For more than twenty-five years, conflict has threatened the population of one of the world's poorest countries: The Democratic Republic of Congo. The territory of the DRC is under constant pressure from armed groups. People there survive in insecurity, under the threat of violence, and in fear for their lives and those of their loved ones. The country is also plagued by waves of displacement, inadequate access to health care, and the number of people suffering from acute malnutrition. That is why People in Need supports the work of mobile clinics, which, among other things, teach locals how to maintain a proper and nutritious diet. The fight against malnutrition starts with a chef's apron.
People in the South Kivu region have been dealing with the country's war for more than two decades. Despite being used to living in harsh conditions, they fear looting by armed gangs, violence against civilians, and the destruction of vital infrastructure such as health facilities, schools, and much-needed marketplaces. The danger has spilt over into other regions in recent years, namely Minembwe and Biyombo.
"I fled my village after seeing my husband taken away by armed gangs. I gave up everything to save my life and my children's lives because it was no longer safe where we used to live," says Bora Anna, a mother-of-three.
Malnutrition is a persistent problem
As a result of the massive displacement of people from certain areas, thousands of people have limited or disrupted access to health care. During 2019-2021, several incidents have occurred where health facilities such as hospitals and clinics have been looted or destroyed.
In the Hauts Plateaux region, accessing medical treatment or medication is limited due to a lack of medical supplies and trained staff. At the same time, malaria and intestinal problems remain. Moreover, the area is plagued by persistent acute malnutrition— in both children and adults. High-altitude natural conditions and constant fighting do not allow people to consume a varied or nutritious diet. Therefore, people living here are caught in a vicious circle of poorly balanced food and limited resources. The primary aid for acutely malnourished children is Plumpy'Nut, a high-calorie mixed nut paste that can quickly deliver needed nutrients and improve a child's condition.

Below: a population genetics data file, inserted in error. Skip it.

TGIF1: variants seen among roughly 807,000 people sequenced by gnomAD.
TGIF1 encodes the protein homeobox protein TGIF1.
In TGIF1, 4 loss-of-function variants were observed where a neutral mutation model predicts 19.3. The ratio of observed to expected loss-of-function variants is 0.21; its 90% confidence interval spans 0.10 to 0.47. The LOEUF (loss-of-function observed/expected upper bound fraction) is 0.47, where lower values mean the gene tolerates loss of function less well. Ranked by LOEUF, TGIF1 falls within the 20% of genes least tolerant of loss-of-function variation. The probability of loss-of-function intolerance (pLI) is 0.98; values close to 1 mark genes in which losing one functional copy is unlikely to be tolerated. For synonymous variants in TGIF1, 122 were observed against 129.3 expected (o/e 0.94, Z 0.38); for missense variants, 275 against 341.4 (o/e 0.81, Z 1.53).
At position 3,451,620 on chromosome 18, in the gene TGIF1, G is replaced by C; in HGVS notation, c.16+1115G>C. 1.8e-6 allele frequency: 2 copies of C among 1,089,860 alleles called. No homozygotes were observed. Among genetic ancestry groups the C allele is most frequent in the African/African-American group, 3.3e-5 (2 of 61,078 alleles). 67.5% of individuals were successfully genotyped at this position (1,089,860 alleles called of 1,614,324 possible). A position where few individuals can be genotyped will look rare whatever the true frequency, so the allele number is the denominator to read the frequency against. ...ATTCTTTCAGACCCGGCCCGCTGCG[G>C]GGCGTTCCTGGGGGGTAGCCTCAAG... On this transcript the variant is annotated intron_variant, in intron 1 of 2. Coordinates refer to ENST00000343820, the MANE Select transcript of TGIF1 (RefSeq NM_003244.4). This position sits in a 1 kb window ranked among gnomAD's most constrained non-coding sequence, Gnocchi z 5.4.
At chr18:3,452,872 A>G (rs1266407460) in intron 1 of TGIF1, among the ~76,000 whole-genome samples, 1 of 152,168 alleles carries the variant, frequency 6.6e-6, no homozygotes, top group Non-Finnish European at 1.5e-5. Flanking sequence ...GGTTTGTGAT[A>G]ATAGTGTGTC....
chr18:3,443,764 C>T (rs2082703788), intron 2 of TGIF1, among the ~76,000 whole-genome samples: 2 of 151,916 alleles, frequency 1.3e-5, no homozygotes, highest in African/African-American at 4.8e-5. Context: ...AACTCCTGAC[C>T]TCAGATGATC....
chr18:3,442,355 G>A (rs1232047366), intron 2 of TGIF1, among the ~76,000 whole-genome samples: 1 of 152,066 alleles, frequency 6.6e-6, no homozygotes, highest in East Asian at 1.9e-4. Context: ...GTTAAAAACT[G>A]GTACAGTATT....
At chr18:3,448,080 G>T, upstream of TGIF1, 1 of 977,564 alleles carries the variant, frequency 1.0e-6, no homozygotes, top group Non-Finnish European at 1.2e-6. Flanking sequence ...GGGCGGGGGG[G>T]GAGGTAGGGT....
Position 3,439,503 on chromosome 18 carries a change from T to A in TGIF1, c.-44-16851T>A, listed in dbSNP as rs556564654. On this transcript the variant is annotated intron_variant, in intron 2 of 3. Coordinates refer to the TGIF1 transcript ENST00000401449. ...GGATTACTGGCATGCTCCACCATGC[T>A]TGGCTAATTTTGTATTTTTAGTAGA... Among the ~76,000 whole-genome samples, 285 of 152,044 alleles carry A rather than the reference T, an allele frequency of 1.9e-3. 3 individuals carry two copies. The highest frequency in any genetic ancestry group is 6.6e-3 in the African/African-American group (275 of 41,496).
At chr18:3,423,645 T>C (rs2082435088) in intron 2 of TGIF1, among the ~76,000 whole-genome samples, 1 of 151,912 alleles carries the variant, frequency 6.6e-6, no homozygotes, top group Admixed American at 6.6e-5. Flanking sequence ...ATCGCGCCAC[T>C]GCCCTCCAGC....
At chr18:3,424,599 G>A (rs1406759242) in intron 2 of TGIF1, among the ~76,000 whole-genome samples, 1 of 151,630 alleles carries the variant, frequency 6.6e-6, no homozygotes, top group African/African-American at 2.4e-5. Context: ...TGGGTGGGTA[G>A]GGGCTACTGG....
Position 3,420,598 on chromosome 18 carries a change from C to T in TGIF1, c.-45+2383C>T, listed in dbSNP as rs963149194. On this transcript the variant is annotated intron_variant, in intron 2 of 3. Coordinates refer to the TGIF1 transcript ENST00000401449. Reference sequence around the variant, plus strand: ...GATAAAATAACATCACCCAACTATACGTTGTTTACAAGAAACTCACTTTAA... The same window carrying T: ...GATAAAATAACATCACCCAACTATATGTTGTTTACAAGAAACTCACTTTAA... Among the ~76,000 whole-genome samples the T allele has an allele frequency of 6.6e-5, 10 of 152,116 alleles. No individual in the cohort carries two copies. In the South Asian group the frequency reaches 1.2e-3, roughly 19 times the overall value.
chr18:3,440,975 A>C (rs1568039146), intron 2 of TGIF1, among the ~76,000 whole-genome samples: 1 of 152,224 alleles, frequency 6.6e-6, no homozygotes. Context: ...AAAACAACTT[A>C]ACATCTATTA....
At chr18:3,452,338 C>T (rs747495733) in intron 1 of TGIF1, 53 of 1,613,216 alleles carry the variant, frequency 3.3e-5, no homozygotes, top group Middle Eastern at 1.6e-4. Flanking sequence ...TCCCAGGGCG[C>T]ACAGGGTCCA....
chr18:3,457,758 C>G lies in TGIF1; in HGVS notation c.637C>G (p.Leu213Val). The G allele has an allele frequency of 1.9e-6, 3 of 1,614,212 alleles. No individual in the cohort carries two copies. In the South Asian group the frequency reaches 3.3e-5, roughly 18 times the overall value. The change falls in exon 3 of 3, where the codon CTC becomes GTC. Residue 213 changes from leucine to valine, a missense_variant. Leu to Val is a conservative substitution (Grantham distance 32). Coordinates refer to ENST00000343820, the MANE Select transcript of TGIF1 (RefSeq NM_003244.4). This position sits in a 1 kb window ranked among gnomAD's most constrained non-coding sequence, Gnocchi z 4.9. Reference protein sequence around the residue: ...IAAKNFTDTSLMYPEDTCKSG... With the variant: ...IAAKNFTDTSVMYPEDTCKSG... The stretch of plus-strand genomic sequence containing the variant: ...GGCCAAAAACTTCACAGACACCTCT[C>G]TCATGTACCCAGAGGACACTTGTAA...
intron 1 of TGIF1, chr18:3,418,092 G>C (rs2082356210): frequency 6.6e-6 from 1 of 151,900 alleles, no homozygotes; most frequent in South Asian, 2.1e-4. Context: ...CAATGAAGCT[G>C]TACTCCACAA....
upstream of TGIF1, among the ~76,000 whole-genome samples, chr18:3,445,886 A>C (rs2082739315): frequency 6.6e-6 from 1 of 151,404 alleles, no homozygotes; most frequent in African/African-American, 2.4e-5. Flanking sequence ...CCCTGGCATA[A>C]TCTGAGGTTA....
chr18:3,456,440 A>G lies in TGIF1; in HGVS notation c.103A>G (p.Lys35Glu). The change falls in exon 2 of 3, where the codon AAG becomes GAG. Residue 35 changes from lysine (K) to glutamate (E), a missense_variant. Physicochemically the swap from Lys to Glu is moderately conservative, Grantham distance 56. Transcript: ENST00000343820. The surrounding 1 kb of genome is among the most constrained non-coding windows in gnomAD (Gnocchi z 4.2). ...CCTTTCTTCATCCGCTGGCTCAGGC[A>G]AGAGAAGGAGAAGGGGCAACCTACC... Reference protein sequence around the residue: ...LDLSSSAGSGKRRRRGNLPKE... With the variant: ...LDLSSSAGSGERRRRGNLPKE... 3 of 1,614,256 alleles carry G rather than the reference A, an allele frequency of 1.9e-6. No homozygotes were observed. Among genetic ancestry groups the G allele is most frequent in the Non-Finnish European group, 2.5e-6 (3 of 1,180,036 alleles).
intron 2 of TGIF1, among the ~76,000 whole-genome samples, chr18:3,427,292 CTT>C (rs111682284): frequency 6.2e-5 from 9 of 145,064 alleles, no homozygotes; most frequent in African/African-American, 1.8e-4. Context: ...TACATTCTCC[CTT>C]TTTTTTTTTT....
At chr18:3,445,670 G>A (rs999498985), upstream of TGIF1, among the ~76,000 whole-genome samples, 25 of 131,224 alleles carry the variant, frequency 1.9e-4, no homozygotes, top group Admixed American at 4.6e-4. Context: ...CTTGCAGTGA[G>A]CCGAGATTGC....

According to a UN Office for the Coordination of Humanitarian Affairs report published in 2021, nearly 4.4 million people suffer from acute malnutrition, including 3.4 million children under five. The same source also reveals a sad first for the DRC - it currently ranks first globally in terms of the number of people suffering from acute food insecurity, with 21.8 million of its population at risk.
"I walked with my three children for seven days to get to Katala. We only walked at night to consume less food and water. When we arrived, we were exhausted and dehydrated. I needed help for my sick son, so I was dependent on free care at the health centre," Bora Anna continues.
Cooking courses and direct help thanks to the mobile clinic
People in Need is organising a project in cooperation with Médecins du Monde (MdM) from Belgium. With financial support from the European Civil Protection and Humanitarian Aid Operations (ECHO), this cooperative project seeks to improve the health care of local people. In the regions of Lemera and Ruzizi, around 25,000 people have found new homes in the last year. These people are aided by a consortium of organisations trying to help and improve their health care options. Mobile clinics provided by MdM regularly arrive in the areas affected by harms and are often the only way for local patients to access specialised care.
"As part of a project being implemented by People in Need and MdM, we have set up a system of mobile clinics. Thanks to them, we can monitor the needs of people in the villages and adapt to their requirements to receive adequate help. This centre is one of those working with the mobile clinics," says Mbirizi Kavindazi, health officer at the Katala centre.
Raising awareness of the causal factors of malnutrition is an essential part of the work of People in Need and Doctors of the World Belgium in the DRC. This is why we also support local health workers in organising cooking classes for women. Mothers with children have the opportunity to “look under the hood” of preparing a balanced meal, and they can learn how to prepare a nutrient-rich diet not only for their children but also for themselves. They learn the tried and tested techniques of cooking food from local sources. These workshops aim to gradually reduce malnutrition in local families and eventually at the national level.
Other activities that the project implements in the community include the prevention of Covid-19; posters with pictures are displayed in public places to teach people how to prevent transmission of the virus. This is essential as the pandemic is still ongoing in the country, although the number of positive cases has decreased significantly. Nevertheless, health institutions continue to take precautions and inform the population about vaccination.
Author: Zawadi Izabayo, Karolína Šugarová